Japanese milk bread is one of the softest, fluffiest delicious breads you'll ever eat. Like most, if not all, Japanese treats - it's delicate, but so versatile and flavorful. You can eat it as-is, or add brown sugar and cinnamon, or your favorite jelly, to make it more of a dessert. If you prefer savory, toast it with some butter and garlic for amazing garlic bread. It takes a while to make, so do ahead. Most of the time is for rising, so not too labor intensive.
Here's how to make it:
For the Starter (this makes enough for 2 loaves, cut in half if you only want one)
1/2 cup whole milk (I used oat milk and it was great, if you prefer non-dairy)
1/3 cup bread flour
1/2 cup water
For the Dough
2 1/2 cups bread flour
1/4 cup granulated white sugar
2 1/4 TSP (1 packet) active dry yeast
1 TSP fine sea/kosher salt
1/2 cup warm whole milk (or oat milk), plus a little extra to brush on later
4 TBS unsalted butter, room temperature, plus a little to butter the bowl/pan
Make the starter: whisk the milk, water and flour in a small heavy pot or saucepan (not over heat yet).
Place on your stove and bring to a simmer over medium-low heat and cook, stirring often, until thickened (you want it thick but pourable), about 6-8 minutes.
Pour into a measuring cup and lightly cover with plastic wrap. Set it aside to cool to room temperature.
Make the dough: Using a stand mixer bowl, combine the flour, sugar, yeast and salt. Mix with a dough hook for a few seconds, until combined. If you don't have a stand mixer use a large bowl and mix with a whisk.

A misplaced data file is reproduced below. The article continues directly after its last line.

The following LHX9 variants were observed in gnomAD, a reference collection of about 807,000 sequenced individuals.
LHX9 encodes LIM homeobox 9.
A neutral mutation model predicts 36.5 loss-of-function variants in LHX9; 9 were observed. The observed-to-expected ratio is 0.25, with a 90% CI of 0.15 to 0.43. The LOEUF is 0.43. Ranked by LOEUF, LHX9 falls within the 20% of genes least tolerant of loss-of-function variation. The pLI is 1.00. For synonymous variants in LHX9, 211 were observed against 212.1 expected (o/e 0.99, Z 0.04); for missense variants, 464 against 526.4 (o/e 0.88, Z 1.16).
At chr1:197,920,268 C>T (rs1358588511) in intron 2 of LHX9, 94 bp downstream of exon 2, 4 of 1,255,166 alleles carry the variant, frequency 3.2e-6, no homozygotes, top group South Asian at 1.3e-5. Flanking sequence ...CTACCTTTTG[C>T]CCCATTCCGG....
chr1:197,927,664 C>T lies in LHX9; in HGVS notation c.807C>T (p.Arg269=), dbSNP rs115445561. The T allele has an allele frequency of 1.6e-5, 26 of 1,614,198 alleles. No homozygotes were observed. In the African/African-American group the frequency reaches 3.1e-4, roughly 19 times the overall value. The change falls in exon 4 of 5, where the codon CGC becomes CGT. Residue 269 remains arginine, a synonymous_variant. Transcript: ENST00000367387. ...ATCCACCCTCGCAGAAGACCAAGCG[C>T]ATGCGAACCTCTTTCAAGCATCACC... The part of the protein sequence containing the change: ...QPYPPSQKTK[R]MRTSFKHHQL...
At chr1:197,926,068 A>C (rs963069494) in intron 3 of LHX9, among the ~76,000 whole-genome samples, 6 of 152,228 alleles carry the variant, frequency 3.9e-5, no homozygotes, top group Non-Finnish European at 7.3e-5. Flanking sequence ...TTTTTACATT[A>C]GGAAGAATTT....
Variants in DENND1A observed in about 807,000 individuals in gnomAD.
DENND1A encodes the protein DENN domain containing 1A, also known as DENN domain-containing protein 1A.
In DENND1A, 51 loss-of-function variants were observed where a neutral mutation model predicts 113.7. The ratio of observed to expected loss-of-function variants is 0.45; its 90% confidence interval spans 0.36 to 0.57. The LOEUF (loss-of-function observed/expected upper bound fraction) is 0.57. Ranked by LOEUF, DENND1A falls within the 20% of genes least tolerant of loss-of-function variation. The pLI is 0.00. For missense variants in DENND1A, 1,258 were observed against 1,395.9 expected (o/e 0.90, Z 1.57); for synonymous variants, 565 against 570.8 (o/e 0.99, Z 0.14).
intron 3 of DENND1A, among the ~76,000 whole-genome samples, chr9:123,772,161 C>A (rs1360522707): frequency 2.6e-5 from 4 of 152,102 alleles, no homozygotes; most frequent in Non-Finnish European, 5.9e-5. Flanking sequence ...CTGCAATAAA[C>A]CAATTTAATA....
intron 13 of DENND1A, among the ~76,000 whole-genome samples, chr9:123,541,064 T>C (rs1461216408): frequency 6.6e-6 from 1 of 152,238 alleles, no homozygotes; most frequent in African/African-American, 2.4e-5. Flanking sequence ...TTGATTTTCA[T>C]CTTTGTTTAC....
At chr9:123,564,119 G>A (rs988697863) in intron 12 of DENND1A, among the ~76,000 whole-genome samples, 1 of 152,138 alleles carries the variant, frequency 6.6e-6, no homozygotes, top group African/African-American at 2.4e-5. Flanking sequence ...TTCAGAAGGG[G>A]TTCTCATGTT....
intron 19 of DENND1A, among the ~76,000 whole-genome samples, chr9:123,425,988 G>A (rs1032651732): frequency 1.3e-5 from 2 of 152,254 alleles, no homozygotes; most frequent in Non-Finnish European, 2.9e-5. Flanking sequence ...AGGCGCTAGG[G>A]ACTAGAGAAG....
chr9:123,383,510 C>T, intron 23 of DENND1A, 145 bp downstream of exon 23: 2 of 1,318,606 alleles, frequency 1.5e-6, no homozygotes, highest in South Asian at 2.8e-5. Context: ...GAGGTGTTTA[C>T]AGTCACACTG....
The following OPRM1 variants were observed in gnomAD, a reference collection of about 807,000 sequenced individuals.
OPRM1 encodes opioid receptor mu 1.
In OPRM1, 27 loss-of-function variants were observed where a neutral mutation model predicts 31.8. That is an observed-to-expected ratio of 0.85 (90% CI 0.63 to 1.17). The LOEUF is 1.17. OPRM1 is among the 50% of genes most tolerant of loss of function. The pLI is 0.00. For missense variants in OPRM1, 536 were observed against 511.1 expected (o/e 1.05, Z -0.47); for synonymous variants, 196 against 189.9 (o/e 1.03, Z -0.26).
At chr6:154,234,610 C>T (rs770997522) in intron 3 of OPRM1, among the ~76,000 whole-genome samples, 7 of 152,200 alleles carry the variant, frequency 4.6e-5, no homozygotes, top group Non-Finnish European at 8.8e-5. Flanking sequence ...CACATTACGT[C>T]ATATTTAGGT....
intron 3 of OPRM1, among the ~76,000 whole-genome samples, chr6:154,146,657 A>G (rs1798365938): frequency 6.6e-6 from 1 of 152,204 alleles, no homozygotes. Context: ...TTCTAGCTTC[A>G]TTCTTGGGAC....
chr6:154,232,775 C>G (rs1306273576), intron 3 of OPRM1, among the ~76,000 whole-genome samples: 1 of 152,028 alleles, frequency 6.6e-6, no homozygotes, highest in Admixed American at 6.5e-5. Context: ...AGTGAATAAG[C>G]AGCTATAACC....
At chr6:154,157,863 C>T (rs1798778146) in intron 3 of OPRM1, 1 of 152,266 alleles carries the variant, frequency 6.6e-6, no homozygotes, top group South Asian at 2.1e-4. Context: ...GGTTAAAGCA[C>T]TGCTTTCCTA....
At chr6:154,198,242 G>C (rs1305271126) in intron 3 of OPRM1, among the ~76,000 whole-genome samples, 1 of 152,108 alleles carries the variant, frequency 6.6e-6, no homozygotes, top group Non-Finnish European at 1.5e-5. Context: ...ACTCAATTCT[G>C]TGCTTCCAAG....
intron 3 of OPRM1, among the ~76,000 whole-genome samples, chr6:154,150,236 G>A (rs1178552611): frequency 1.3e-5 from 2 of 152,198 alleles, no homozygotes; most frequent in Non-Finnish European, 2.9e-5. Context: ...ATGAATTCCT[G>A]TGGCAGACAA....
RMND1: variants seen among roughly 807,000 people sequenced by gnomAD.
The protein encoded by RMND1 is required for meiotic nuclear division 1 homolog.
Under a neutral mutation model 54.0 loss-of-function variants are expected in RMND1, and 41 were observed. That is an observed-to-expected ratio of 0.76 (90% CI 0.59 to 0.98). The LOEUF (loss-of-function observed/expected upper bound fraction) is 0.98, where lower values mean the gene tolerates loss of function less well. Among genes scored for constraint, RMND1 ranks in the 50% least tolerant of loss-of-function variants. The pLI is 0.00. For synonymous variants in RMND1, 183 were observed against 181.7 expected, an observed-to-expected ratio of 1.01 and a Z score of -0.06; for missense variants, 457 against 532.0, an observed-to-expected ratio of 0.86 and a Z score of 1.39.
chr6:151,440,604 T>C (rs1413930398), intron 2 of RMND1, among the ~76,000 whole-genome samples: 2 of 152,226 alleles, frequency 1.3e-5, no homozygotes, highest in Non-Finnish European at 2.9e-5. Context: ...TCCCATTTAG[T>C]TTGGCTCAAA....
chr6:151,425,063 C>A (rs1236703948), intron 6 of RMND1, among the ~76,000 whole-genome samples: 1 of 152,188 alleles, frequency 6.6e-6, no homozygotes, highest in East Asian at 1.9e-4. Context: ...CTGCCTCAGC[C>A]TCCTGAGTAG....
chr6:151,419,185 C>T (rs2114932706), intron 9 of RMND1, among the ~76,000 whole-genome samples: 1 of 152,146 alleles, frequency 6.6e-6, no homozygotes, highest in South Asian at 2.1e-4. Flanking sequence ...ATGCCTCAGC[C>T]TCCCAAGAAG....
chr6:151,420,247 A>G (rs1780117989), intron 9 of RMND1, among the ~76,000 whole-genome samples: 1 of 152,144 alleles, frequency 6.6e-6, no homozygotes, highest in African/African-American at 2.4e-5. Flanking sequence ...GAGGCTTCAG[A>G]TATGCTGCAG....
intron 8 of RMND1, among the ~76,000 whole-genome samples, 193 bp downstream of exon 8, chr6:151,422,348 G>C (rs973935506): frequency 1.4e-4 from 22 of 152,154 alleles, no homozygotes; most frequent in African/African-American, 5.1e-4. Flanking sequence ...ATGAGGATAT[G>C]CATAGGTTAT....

Add the egg, milk and 1/2 the starter (about 1/2 cup). Mix on low speed for about 5 minutes. You can also use a hand mixer or your hands to knead the dough.
Add the softened butter and knead for another 10 minutes, until the dough is smooth and just a bit tacky.
Lightly butter the inside of a large plastic or glass bowl. Using your hands, gently remove the dough from the mixing bowl, shape into a ball and place in the buttered bowl. Cover with a kitchen towel and let rise in a warm place for about an hour, until doubled in size. If you aren't in a warm environment, you can turn on your oven to the lowest heat (about 175° F), turn off the heat and put your dough (glass bowl preferred here) without the towel into the oven and let rise until doubled in size.
Once the dough has risen, punch it down with your hand and place onto a very lightly floured smooth surface (I recommend a silicone mat).
Cut the dough in half, then form each half into a ball, then cover with the kitchen towel (or do the oven method) and let rise about 15 minutes.
Generously butter a 9x5 loaf pan.
Using a rolling pin, gently roll out one of the dough balls into a thick oval shape. You may need to flour your rolling pin.
Roll the dough to about 12" long by 6" wide, still in an oval shape. Fold the top 3" of the oval down then fold the bottom 3" of the oval up, making a rough square.
Starting from the right edge of the square, roll the dough into a fat log. If you want to add cinnamon sugar, jelly, or your favorite filling, do this before you roll the dough into a log.
Smooth the top of the dough log with your hands and place into the buttered pan, seam side down. You'll want to put it on the left side of the pan, flush to the side. Repeat with the other dough ball and place on the right side of the pan, again flush to the side.
Cover with a kitchen towel and let rest another 30-40 minutes, until the dough is just above the top of the pan. Use the oven method if necessary.
Pre-heat your oven to 350° F.
Brush the top of the dough logs with milk and place into the oven on the bottom shelf.
Bake for 35 minutes, until the top is golden brown.
Let the bread cool in the pan for 10 minutes then place onto a cooling rack to cool completely before you slice it, at least one hour.
Serve with butter or eat plain, and enjoy!
Did you make it? Share pics in the comments!